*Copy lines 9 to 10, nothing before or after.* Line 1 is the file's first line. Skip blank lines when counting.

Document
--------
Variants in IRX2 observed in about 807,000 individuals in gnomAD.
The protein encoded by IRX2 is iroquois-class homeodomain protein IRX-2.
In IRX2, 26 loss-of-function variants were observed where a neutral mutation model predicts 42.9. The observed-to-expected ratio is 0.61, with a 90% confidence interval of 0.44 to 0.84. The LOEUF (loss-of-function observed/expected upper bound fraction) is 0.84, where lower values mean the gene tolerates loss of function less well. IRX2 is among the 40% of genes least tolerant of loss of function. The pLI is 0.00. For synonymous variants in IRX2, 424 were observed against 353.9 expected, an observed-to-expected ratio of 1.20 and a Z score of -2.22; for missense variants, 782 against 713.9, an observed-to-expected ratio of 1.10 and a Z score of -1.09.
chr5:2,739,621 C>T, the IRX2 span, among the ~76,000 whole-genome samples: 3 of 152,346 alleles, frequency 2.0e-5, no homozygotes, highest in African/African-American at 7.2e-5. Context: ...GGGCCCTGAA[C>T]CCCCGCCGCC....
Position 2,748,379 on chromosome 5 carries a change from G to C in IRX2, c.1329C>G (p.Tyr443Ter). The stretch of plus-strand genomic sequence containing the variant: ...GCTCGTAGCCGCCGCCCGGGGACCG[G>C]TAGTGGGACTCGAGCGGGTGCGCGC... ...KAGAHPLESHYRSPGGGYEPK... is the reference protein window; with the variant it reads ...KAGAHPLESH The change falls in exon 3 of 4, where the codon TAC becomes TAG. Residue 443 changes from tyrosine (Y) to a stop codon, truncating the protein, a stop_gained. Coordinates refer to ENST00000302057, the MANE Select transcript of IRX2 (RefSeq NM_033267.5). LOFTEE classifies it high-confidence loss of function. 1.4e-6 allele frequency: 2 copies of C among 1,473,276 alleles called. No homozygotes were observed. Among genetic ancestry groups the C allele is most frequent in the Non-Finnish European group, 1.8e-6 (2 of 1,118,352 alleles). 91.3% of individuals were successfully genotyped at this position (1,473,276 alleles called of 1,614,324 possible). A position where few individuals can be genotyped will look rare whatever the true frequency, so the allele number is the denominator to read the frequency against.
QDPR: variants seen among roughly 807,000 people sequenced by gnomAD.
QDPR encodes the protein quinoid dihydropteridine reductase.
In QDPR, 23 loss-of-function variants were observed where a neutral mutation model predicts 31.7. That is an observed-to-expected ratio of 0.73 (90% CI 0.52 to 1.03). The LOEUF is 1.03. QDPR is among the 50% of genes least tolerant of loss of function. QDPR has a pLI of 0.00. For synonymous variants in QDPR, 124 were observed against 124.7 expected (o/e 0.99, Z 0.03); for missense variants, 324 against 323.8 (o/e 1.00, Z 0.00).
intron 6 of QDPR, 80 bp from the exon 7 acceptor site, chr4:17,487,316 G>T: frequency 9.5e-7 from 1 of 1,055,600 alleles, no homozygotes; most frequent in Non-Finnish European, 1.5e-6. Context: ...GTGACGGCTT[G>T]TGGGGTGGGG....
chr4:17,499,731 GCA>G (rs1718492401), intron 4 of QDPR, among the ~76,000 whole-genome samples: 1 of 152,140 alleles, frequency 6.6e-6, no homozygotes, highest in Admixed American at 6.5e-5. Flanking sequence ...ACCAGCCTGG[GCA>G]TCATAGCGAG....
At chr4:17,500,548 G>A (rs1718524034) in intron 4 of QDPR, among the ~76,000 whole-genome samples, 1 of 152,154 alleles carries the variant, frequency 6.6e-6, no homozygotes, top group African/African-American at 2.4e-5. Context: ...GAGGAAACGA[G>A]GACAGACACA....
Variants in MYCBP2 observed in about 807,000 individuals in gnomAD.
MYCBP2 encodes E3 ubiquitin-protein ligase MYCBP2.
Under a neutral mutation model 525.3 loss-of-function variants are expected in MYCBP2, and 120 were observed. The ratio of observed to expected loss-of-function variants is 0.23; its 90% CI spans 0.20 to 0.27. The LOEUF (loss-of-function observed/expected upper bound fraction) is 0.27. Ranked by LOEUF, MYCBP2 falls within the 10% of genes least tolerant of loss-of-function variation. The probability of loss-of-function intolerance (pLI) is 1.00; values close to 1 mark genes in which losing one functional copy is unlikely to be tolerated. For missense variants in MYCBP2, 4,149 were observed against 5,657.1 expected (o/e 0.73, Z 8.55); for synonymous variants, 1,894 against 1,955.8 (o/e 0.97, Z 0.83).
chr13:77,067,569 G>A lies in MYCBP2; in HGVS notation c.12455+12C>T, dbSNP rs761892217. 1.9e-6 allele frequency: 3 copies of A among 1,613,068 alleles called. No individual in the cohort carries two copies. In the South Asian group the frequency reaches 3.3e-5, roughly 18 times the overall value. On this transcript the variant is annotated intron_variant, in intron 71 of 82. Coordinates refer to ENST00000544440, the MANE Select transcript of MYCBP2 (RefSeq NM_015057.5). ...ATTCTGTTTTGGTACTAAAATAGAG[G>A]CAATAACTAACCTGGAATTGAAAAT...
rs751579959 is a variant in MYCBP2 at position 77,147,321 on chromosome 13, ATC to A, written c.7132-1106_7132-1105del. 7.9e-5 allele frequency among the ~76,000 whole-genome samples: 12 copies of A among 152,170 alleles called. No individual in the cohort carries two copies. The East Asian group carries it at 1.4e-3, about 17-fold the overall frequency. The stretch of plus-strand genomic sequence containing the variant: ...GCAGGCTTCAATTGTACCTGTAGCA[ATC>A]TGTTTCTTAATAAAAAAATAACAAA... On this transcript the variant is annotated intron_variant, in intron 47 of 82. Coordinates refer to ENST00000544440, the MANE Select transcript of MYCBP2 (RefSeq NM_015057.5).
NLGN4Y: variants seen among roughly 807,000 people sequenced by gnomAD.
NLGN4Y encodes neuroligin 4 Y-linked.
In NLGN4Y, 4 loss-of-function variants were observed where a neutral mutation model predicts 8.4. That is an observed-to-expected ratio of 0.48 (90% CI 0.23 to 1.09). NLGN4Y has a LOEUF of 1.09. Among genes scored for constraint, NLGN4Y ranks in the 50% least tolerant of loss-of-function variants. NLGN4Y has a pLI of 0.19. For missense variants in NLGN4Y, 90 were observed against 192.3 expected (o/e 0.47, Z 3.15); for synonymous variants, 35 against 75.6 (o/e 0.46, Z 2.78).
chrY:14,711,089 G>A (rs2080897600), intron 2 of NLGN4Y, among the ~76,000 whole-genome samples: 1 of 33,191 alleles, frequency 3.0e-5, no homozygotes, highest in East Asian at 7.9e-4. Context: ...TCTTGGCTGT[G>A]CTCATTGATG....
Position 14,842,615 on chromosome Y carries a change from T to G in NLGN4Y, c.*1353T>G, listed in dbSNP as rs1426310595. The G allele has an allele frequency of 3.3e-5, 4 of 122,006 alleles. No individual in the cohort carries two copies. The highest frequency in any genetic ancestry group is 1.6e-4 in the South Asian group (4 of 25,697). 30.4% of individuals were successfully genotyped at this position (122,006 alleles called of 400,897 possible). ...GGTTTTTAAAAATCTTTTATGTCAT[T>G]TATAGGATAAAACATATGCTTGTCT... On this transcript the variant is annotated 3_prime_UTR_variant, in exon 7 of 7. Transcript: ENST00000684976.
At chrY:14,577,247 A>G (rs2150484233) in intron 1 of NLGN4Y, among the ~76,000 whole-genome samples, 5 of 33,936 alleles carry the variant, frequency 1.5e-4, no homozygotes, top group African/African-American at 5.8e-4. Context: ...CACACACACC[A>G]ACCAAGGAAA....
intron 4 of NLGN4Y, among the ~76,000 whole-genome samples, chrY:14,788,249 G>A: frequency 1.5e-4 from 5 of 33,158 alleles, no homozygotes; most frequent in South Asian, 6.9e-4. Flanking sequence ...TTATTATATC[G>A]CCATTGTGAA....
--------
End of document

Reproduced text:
intron 6 of QDPR, 80 bp from the exon 7 acceptor site, chr4:17,487,316 G>T: frequency 9.5e-7 from 1 of 1,055,600 alleles, no homozygotes; most frequent in Non-Finnish European, 1.5e-6. Context: ...GTGACGGCTT[G>T]TGGGGTGGGG....
chr4:17,499,731 GCA>G (rs1718492401), intron 4 of QDPR, among the ~76,000 whole-genome samples: 1 of 152,140 alleles, frequency 6.6e-6, no homozygotes, highest in Admixed American at 6.5e-5. Flanking sequence ...ACCAGCCTGG[GCA>G]TCATAGCGAG....